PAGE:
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Hello

It was 2010. I was a new mum. Lost in a mysterious world of playgroups, muslin cloths and sitting in a circle with strangers to sing Wind the Bobbin Up. But then a friend told me about the New Parents Book Group. You could bring your children! And talk about BOOKS! This was exciting news.

My first meeting passed in a haze and I don’t remember what we thought of Alexander McCall Smith. But I do remember how lovely it was join such a friendly and interesting group. A group which has led me to some great books: I particularly loved Gillespie and I, Can Any Mother Help Me?, Dark Matter and How to be a Woman and rediscovering classics like The Bell Jar and Billy Liar. And even if I’d not enjoyed – or finished – the book it was good to talk about it and find out what others thought.

So, I’m delighted to take over as co-ordinator. Thanks go to Laura Fraine, who set the group up and has run it brilliantly for the last four years, and to New Writing North for their support. Here’s looking forward to many more years of bookish, and non-bookish, chat. Our next meeting is at 10.30am on Friday 12 December when we’ll be discussing The Rosie Project by Graeme Simision. New members are always welcome. Hope to see you soon.

Amanda Quinn

 

 

 

Happy New Year!

Happy new year everyone. Between poorly babies, imminent births and midwife appointments, our first meeting of the year had us firmly in the New Parents camp. Book group, less so.

For those of us who have read Iain Banks’ Espedair Street, we will discuss it alongside Apple Tree Yard by Louise Doughty at the February meeting. If you haven’t picked it up yet, I noticed it for sale in a ridiculous cheap Iain Banks bundle through The Book People. I had never read any Banks before and somehow expected him to be gritty, lean and hard-hitting. It must be all those steely grey covers. Not so, at least as far as Espedair Street is concerned. It’s quite a sweet, funny, romantic tale in fact, and was a total surprise to me.

Apple Tree Yard is also on offer – I just picked one up in WH Smith where it is currently Book of the Week and on sale at half price. And thanks to Fiona who is organised enough to be thinking of our May book choice, she has found The Things We Never Said by Susan Elliot Wright on Amazon for £1.95 paperback or £1.85 Kindle. Bargain! There’s hardly a better reason to curl up with wooly blanket and a good book this month.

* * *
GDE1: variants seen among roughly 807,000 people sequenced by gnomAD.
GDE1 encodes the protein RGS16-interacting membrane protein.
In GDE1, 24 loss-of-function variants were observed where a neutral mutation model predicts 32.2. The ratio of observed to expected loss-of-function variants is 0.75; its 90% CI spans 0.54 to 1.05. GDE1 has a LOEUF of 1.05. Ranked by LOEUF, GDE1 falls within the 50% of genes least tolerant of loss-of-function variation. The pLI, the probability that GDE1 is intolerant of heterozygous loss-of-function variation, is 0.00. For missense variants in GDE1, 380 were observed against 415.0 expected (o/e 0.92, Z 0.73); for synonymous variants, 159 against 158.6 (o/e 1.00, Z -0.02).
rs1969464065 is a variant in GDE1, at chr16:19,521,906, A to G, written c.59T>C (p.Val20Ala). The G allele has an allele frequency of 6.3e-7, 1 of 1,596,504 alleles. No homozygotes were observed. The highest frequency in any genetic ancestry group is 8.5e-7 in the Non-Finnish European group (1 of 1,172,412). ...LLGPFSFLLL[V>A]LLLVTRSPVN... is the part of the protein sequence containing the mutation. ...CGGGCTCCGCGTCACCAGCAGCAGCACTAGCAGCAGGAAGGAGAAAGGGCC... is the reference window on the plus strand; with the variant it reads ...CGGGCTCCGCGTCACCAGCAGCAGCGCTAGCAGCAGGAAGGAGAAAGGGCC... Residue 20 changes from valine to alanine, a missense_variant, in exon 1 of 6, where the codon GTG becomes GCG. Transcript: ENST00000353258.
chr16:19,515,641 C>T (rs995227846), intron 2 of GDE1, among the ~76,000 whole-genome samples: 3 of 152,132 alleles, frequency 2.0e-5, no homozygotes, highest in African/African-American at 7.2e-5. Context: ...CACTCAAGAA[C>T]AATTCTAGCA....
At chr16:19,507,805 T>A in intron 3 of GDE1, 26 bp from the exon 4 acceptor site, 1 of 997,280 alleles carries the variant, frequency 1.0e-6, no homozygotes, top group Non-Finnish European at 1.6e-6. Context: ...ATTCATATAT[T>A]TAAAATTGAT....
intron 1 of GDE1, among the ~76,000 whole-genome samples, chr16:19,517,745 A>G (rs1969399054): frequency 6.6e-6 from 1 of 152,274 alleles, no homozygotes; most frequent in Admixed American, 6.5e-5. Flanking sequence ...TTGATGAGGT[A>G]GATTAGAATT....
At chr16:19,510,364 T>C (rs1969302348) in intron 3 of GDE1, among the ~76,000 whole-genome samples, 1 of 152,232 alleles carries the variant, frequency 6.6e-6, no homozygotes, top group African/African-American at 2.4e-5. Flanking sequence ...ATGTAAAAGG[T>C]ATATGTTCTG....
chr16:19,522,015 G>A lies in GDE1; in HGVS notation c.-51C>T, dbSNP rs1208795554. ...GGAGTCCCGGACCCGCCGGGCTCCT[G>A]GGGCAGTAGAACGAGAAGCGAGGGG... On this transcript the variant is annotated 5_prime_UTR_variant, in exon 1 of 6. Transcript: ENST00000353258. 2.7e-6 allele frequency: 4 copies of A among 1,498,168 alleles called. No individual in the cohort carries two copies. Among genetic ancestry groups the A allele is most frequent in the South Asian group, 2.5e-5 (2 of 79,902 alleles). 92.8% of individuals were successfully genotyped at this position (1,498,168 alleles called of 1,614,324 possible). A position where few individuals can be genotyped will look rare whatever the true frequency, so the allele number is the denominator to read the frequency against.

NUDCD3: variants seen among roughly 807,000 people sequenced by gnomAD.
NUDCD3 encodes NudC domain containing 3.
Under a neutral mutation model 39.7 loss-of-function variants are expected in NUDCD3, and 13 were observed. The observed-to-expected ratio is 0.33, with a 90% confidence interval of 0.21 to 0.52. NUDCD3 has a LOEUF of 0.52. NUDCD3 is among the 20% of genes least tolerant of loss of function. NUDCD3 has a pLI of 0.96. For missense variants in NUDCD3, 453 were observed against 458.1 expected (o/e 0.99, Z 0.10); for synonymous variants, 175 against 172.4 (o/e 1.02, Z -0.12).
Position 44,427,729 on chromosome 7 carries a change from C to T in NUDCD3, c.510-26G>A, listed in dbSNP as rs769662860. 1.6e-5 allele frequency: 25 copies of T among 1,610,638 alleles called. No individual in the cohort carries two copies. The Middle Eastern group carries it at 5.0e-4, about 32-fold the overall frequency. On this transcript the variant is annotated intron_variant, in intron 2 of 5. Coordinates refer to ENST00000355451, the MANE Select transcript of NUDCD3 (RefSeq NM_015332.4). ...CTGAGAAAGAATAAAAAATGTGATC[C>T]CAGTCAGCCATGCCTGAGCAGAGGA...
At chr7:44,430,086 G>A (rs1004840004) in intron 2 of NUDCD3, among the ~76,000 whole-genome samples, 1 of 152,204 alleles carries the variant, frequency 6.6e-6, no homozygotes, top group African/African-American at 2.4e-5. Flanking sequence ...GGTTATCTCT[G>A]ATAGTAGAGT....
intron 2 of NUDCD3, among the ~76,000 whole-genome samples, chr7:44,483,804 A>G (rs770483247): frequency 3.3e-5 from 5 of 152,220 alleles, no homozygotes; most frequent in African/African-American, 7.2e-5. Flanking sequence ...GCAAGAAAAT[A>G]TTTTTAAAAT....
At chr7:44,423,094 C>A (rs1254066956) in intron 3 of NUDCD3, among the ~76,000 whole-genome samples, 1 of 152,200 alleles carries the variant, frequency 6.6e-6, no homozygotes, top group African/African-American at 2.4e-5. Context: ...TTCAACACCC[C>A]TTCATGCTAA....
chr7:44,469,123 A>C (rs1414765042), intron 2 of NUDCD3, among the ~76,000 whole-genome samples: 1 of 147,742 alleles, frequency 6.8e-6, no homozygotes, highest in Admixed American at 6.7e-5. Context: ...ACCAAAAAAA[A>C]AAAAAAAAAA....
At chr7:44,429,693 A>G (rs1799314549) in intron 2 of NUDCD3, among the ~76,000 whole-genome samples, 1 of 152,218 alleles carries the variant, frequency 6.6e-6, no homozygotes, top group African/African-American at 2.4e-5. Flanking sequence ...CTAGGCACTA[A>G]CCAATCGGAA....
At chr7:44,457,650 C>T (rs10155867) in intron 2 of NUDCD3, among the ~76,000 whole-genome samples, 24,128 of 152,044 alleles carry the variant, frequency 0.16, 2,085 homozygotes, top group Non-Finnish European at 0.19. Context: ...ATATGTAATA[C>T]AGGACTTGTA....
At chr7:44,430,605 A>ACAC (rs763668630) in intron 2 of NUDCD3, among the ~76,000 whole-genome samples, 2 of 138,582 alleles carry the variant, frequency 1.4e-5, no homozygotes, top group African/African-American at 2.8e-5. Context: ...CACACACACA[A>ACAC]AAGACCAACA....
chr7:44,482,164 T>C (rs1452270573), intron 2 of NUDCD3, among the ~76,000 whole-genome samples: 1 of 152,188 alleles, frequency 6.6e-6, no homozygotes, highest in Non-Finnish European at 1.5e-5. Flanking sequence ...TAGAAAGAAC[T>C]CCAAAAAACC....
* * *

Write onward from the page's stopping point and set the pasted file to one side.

Laura

A Great British Institution

There are an estimated 50,000 book groups in the country, according to this piece in The Telegraph about the book group as a Great British Institution.

I wonder how many other mother-and-toddler book groups there are. I wonder if they all share that same careful balance of thoughtful literary discussion and potty training tips.

This March marks three years in the life of the New Parents’ Book Group and not only have our babies grown into their own little people (NB: new babies always very welcome!), but our group has taken on a life of its own too.

The array of snacks to keep the kids occupied seems to grow more elaborate each month, but then again, the children are also learning to entertain themselves in beautiful and I’m sure entirely educational ways. No doubt the regular exposure to contemporary art is the explanation for James wanting to get the paints out at every (bloody) opportunity.

Speaking of which, my latest parenting cheat, which suits this wet weather, is the nearby leisure centre on a Sunday morning. For a mere £1.50, James can tear about the soft play for a good hour, while I shut out the wall of sound, attempt to curl up on a hard plastic chair and drift away with the latest book club read. Fun times for all.

Good books for snowy days

Hello everyone,

Well, there’s no better excuse for self-imposed confinement than a fresh dump of snow. But actually now that the joy of snowmen and sledging has passed, I am going slightly mad at the thought of yet more trudging to nursery and back or, worse, being stuck in all day with a runny-nosed toddler. Despite the weather and my own romantic inclination, I have no interest in curling up with a blanket and cocoa in front of the (imaginary) fire. No, every inch of my body is demanding to be taken OUT. At least books are an escape.

We’ve got some great reads lined up over the next few months, sure to make us laugh, cry and scrunch up our faces in furious indignation (my favourite reading stance).

Next up on 8 February is Keith Waterhouse’s 1959 classic, Billy Liar. For those who’ve asked, it’s the novel, rather than the later play we’re discussing, although if you’ve had too many sleepless nights you can always cheat and watch the film.

On 8 March we’ll be talking about The Snow Child by Eowyn Ivey, a magical novel set in the Alaskan wilderness in the depths of winter. By Alaskan standards, our own snow-day frustrations might just pale into insignificance…

And briefly, beyond March our reading list is as follows:

April – The Sense of an Ending, Julian Barnes

May – The Thread, Victoria Hislop

June – The Marriage Plot, Jeffrey Eugenides

July – The Casual Vacancy, JK Rowling

We were talking last meeting about the effects of library closures on communities in Newcastle. You might like to read these short essays by local authors who visited the libraries in question. The piece by David Almond sent shivers down my spine.

See you on the 8th!

Laura

Book(s) for September: a clarification

Hello everyone,

I hope you’re all well.

I’m afraid I made a mistake in the most recent Book Group News on Facebook and said that the book for discussion on Friday 14 September was Gillespie and I by Jane Harris.

It isn’t – I got mixed up. The book we were actually supposed to be discussing is Stuart: A Life Backwards by Alexander Masters.